This is very unusual: The Economic Advisory Council is divided on what it should recommend to the German government and the EU in the event of debts and investments. While two of the so-called economic fads tremble around the European debt limit of 60% of gross domestic product, the other two are determined to stick to it.
For decades, the board was firmly in the hands of liberal market economists. A lone Keynesian expressed his dissenting opinion in minority votes. That has changed – some say it starts with the title of the new report: Shaping Transformation – Education, Digitization and Sustainability. “It almost looks like a union brochure,” jokes someone close to the council.
In terms of economic development, the wise are more optimistic than other researchers in economics: the German economy will grow by 2.7% this year after the corona shock, expects the Advisory Council. This emerges from the annual report of the wise, which is due on Wednesday and the SZ is available. First the FAZ reported it. The 2.7% is lower than the advisory committee had previously predicted – however, economic experts are still more confident than the top five economic institutes, which are only expecting a 2.4% increase in gross domestic product for 2021.
“The global economy is increasingly recovering from the Corona crisis, but its effects continue to shape economic development,” the Wise Men report said. After delivery problems in particular slow the recovery this year, the recovery will be stronger in 2022, according to the Advisory Council: then the economy is expected to grow 4.6%. Like the institutes, economists expect inflation to be well below 3% again after rising sharply this year.
The SPD, the Greens and the FDP are looking for financial leeway
The report comes just as the SPD, Greens and FDP are negotiating a coalition – and the nearly 500-page report is highly political. Because the traffic light is looking for financial leeway. The SPD and the Greens in particular want to invest significantly more state investments than before, but the FDP does not want to increase taxes or touch the debt brake. What do the wise recommend? Different.
On two important points, there is an impasse between Veronika Grimm and Volker Wieland, who argue more liberally in the market, on the one hand – and Monika Schnitzer and Achim Truger, for whom “the debt financing of public expenditure oriented towards the market. ‘future’ can make economic sense. “According to the current legal opinion, public investment companies are not subject to the debt brake and could be used specifically for financing,” write the two. Grimm and Wieland argue much more conservatively.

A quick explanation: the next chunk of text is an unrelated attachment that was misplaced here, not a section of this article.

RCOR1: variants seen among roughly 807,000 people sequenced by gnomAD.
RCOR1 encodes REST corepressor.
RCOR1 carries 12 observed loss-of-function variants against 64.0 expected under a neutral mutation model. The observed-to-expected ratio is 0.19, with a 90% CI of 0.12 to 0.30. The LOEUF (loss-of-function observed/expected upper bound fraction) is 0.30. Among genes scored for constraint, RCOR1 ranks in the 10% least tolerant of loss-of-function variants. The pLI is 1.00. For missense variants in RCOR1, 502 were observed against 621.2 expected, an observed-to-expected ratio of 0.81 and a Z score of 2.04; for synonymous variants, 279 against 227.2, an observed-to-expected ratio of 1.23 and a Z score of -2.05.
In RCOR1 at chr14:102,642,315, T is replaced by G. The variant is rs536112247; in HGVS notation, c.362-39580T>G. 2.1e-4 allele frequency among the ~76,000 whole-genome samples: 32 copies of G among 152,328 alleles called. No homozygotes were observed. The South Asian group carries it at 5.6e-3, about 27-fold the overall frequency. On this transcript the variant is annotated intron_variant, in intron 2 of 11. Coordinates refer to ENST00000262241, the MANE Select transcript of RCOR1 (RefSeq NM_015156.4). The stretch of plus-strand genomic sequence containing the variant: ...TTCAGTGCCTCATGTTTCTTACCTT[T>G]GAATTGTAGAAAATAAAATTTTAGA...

There are also clear differences in European budgetary rules. Grimm and Wieland advocate meeting normal limits again by 2023 at the latest. Schnitzer and Truger, on the other hand, consider it “very problematic” to get heavily indebted countries like Italy to pass rules to reduce their debts to 60% of gross domestic product fairly quickly. EU states are also debating debt limits. While some push for relaxation, others are seen as strict adversaries. Both sides should be interested to learn that the opinion of the federal government’s most important economic advisory body is no longer as clearly against easing as it was for decades.
It is interesting to know what the researchers – this time together – determine about the consequences of the Corona crisis: mini-jobbers, low-skilled workers and the self-employed are particularly affected by the Corona crisis. Restrictions on educational opportunities were also severe. But there is a silver lining: high government spending has prevented a wider gap between rich and poor. Disposable income inequality is unlikely to “have increased”, he said.